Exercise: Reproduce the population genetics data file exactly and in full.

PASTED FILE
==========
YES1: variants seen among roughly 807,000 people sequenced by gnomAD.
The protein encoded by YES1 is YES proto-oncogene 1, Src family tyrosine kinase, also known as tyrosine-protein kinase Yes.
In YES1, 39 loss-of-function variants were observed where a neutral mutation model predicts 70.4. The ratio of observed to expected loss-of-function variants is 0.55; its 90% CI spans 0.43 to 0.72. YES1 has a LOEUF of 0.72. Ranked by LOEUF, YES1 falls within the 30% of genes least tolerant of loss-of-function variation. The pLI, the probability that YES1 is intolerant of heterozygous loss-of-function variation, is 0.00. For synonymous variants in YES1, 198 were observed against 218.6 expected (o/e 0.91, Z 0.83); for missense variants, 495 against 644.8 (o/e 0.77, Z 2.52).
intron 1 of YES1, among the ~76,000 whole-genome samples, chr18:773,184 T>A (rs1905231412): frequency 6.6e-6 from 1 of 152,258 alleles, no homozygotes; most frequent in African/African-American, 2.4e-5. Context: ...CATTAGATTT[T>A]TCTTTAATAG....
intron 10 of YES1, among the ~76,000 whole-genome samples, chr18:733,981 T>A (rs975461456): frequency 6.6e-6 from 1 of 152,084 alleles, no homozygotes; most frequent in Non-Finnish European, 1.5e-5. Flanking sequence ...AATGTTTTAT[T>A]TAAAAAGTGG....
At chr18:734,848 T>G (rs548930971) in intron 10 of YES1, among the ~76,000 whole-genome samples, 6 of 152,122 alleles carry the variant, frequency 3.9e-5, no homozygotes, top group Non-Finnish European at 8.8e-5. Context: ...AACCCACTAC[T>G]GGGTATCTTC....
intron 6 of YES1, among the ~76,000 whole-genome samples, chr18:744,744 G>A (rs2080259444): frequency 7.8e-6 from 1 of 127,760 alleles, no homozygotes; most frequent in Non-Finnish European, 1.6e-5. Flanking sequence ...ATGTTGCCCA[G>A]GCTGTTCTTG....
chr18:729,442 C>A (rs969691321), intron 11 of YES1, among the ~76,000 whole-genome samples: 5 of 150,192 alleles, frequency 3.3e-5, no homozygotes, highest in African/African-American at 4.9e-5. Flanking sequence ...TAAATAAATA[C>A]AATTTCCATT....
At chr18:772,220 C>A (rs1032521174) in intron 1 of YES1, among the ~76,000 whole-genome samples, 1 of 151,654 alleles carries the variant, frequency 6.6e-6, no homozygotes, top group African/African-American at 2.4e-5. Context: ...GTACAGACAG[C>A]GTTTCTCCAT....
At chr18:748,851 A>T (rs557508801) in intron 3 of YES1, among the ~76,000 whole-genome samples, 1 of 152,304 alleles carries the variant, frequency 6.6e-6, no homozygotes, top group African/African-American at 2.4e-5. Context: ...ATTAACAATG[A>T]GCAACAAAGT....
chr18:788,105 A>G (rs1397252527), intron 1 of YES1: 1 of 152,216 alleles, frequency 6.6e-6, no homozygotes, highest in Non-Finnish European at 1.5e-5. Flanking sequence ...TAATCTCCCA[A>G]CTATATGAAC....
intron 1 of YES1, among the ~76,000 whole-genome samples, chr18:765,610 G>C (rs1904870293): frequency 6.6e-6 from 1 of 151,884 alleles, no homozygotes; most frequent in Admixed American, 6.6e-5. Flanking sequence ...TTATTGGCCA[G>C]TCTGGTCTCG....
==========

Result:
YES1: variants seen among roughly 807,000 people sequenced by gnomAD.
The protein encoded by YES1 is YES proto-oncogene 1, Src family tyrosine kinase, also known as tyrosine-protein kinase Yes.
In YES1, 39 loss-of-function variants were observed where a neutral mutation model predicts 70.4. The ratio of observed to expected loss-of-function variants is 0.55; its 90% CI spans 0.43 to 0.72. YES1 has a LOEUF of 0.72. Ranked by LOEUF, YES1 falls within the 30% of genes least tolerant of loss-of-function variation. The pLI, the probability that YES1 is intolerant of heterozygous loss-of-function variation, is 0.00. For synonymous variants in YES1, 198 were observed against 218.6 expected (o/e 0.91, Z 0.83); for missense variants, 495 against 644.8 (o/e 0.77, Z 2.52).
intron 1 of YES1, among the ~76,000 whole-genome samples, chr18:773,184 T>A (rs1905231412): frequency 6.6e-6 from 1 of 152,258 alleles, no homozygotes; most frequent in African/African-American, 2.4e-5. Context: ...CATTAGATTT[T>A]TCTTTAATAG....
intron 10 of YES1, among the ~76,000 whole-genome samples, chr18:733,981 T>A (rs975461456): frequency 6.6e-6 from 1 of 152,084 alleles, no homozygotes; most frequent in Non-Finnish European, 1.5e-5. Flanking sequence ...AATGTTTTAT[T>A]TAAAAAGTGG....
At chr18:734,848 T>G (rs548930971) in intron 10 of YES1, among the ~76,000 whole-genome samples, 6 of 152,122 alleles carry the variant, frequency 3.9e-5, no homozygotes, top group Non-Finnish European at 8.8e-5. Context: ...AACCCACTAC[T>G]GGGTATCTTC....
intron 6 of YES1, among the ~76,000 whole-genome samples, chr18:744,744 G>A (rs2080259444): frequency 7.8e-6 from 1 of 127,760 alleles, no homozygotes; most frequent in Non-Finnish European, 1.6e-5. Flanking sequence ...ATGTTGCCCA[G>A]GCTGTTCTTG....
chr18:729,442 C>A (rs969691321), intron 11 of YES1, among the ~76,000 whole-genome samples: 5 of 150,192 alleles, frequency 3.3e-5, no homozygotes, highest in African/African-American at 4.9e-5. Flanking sequence ...TAAATAAATA[C>A]AATTTCCATT....
At chr18:772,220 C>A (rs1032521174) in intron 1 of YES1, among the ~76,000 whole-genome samples, 1 of 151,654 alleles carries the variant, frequency 6.6e-6, no homozygotes, top group African/African-American at 2.4e-5. Context: ...GTACAGACAG[C>A]GTTTCTCCAT....
At chr18:748,851 A>T (rs557508801) in intron 3 of YES1, among the ~76,000 whole-genome samples, 1 of 152,304 alleles carries the variant, frequency 6.6e-6, no homozygotes, top group African/African-American at 2.4e-5. Context: ...ATTAACAATG[A>T]GCAACAAAGT....
chr18:788,105 A>G (rs1397252527), intron 1 of YES1: 1 of 152,216 alleles, frequency 6.6e-6, no homozygotes, highest in Non-Finnish European at 1.5e-5. Flanking sequence ...TAATCTCCCA[A>G]CTATATGAAC....
intron 1 of YES1, among the ~76,000 whole-genome samples, chr18:765,610 G>C (rs1904870293): frequency 6.6e-6 from 1 of 151,884 alleles, no homozygotes; most frequent in Admixed American, 6.6e-5. Flanking sequence ...TTATTGGCCA[G>C]TCTGGTCTCG....